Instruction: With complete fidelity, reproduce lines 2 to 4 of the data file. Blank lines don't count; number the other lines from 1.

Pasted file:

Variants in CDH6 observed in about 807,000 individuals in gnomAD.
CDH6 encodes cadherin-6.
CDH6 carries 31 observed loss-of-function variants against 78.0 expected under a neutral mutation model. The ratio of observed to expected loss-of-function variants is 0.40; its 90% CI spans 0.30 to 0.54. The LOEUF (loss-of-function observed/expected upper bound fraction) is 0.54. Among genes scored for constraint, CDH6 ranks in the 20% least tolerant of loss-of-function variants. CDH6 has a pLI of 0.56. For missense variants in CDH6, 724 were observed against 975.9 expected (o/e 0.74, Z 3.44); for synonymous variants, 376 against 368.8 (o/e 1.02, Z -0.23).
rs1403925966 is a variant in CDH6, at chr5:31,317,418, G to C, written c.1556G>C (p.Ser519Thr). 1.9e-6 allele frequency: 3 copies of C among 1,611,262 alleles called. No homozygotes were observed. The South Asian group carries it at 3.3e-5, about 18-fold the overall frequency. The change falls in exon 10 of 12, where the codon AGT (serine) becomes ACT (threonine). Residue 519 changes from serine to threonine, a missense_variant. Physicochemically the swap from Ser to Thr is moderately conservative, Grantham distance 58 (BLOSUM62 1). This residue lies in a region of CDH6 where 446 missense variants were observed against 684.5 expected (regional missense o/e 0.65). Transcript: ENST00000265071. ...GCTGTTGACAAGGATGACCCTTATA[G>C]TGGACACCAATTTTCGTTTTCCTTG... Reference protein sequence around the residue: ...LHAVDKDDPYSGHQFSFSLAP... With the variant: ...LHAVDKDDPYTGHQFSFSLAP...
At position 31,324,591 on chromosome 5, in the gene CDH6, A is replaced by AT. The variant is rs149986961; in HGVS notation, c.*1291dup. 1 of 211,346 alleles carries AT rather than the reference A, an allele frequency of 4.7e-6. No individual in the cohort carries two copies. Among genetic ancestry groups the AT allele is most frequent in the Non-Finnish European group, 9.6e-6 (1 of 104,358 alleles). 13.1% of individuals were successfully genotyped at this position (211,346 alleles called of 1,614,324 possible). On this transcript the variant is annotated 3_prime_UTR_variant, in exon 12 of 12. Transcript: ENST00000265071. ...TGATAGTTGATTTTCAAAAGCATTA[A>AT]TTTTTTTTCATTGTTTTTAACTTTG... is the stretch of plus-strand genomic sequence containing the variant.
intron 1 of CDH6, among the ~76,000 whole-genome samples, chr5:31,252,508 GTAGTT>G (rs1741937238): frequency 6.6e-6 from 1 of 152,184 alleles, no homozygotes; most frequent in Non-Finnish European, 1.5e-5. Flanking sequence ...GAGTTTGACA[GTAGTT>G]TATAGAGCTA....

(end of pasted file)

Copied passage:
CDH6 encodes cadherin-6.
CDH6 carries 31 observed loss-of-function variants against 78.0 expected under a neutral mutation model. The ratio of observed to expected loss-of-function variants is 0.40; its 90% CI spans 0.30 to 0.54. The LOEUF (loss-of-function observed/expected upper bound fraction) is 0.54. Among genes scored for constraint, CDH6 ranks in the 20% least tolerant of loss-of-function variants. CDH6 has a pLI of 0.56. For missense variants in CDH6, 724 were observed against 975.9 expected (o/e 0.74, Z 3.44); for synonymous variants, 376 against 368.8 (o/e 1.02, Z -0.23).
rs1403925966 is a variant in CDH6, at chr5:31,317,418, G to C, written c.1556G>C (p.Ser519Thr). 1.9e-6 allele frequency: 3 copies of C among 1,611,262 alleles called. No homozygotes were observed. The South Asian group carries it at 3.3e-5, about 18-fold the overall frequency. The change falls in exon 10 of 12, where the codon AGT (serine) becomes ACT (threonine). Residue 519 changes from serine to threonine, a missense_variant. Physicochemically the swap from Ser to Thr is moderately conservative, Grantham distance 58 (BLOSUM62 1). This residue lies in a region of CDH6 where 446 missense variants were observed against 684.5 expected (regional missense o/e 0.65). Transcript: ENST00000265071. ...GCTGTTGACAAGGATGACCCTTATA[G>C]TGGACACCAATTTTCGTTTTCCTTG... Reference protein sequence around the residue: ...LHAVDKDDPYSGHQFSFSLAP... With the variant: ...LHAVDKDDPYTGHQFSFSLAP...